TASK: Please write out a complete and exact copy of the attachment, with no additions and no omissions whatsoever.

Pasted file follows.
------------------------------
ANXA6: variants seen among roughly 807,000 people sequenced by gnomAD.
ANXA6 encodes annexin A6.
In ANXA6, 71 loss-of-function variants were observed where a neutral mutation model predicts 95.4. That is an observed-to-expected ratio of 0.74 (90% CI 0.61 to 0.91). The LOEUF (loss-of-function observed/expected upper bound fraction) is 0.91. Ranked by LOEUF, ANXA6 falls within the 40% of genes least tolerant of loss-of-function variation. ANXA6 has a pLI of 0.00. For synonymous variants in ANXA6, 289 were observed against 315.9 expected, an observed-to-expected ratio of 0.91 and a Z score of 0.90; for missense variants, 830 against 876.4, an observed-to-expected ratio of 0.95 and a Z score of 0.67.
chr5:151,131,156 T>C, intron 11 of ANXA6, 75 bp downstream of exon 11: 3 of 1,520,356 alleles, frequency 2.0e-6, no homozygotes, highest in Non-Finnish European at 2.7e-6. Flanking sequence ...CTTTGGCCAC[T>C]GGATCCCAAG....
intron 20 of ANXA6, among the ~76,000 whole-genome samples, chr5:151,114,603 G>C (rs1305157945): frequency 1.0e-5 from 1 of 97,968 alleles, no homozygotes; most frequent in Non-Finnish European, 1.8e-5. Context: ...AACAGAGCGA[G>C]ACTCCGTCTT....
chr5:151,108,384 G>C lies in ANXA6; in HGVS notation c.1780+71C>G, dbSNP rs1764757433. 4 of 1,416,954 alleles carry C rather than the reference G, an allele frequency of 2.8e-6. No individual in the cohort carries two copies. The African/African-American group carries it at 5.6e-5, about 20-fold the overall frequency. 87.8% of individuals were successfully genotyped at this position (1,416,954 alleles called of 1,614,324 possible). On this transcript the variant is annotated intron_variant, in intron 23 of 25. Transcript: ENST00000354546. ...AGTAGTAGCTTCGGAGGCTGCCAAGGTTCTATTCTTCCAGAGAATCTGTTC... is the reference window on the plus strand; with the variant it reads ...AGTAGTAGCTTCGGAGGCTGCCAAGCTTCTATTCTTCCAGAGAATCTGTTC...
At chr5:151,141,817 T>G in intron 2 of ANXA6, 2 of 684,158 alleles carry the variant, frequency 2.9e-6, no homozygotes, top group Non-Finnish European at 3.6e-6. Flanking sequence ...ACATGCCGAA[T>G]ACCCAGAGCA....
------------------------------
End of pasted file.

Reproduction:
ANXA6: variants seen among roughly 807,000 people sequenced by gnomAD.
ANXA6 encodes annexin A6.
In ANXA6, 71 loss-of-function variants were observed where a neutral mutation model predicts 95.4. That is an observed-to-expected ratio of 0.74 (90% CI 0.61 to 0.91). The LOEUF (loss-of-function observed/expected upper bound fraction) is 0.91. Ranked by LOEUF, ANXA6 falls within the 40% of genes least tolerant of loss-of-function variation. ANXA6 has a pLI of 0.00. For synonymous variants in ANXA6, 289 were observed against 315.9 expected, an observed-to-expected ratio of 0.91 and a Z score of 0.90; for missense variants, 830 against 876.4, an observed-to-expected ratio of 0.95 and a Z score of 0.67.
chr5:151,131,156 T>C, intron 11 of ANXA6, 75 bp downstream of exon 11: 3 of 1,520,356 alleles, frequency 2.0e-6, no homozygotes, highest in Non-Finnish European at 2.7e-6. Flanking sequence ...CTTTGGCCAC[T>C]GGATCCCAAG....
intron 20 of ANXA6, among the ~76,000 whole-genome samples, chr5:151,114,603 G>C (rs1305157945): frequency 1.0e-5 from 1 of 97,968 alleles, no homozygotes; most frequent in Non-Finnish European, 1.8e-5. Context: ...AACAGAGCGA[G>C]ACTCCGTCTT....
chr5:151,108,384 G>C lies in ANXA6; in HGVS notation c.1780+71C>G, dbSNP rs1764757433. 4 of 1,416,954 alleles carry C rather than the reference G, an allele frequency of 2.8e-6. No individual in the cohort carries two copies. The African/African-American group carries it at 5.6e-5, about 20-fold the overall frequency. 87.8% of individuals were successfully genotyped at this position (1,416,954 alleles called of 1,614,324 possible). On this transcript the variant is annotated intron_variant, in intron 23 of 25. Transcript: ENST00000354546. ...AGTAGTAGCTTCGGAGGCTGCCAAGGTTCTATTCTTCCAGAGAATCTGTTC... is the reference window on the plus strand; with the variant it reads ...AGTAGTAGCTTCGGAGGCTGCCAAGCTTCTATTCTTCCAGAGAATCTGTTC...
At chr5:151,141,817 T>G in intron 2 of ANXA6, 2 of 684,158 alleles carry the variant, frequency 2.9e-6, no homozygotes, top group Non-Finnish European at 3.6e-6. Flanking sequence ...ACATGCCGAA[T>G]ACCCAGAGCA....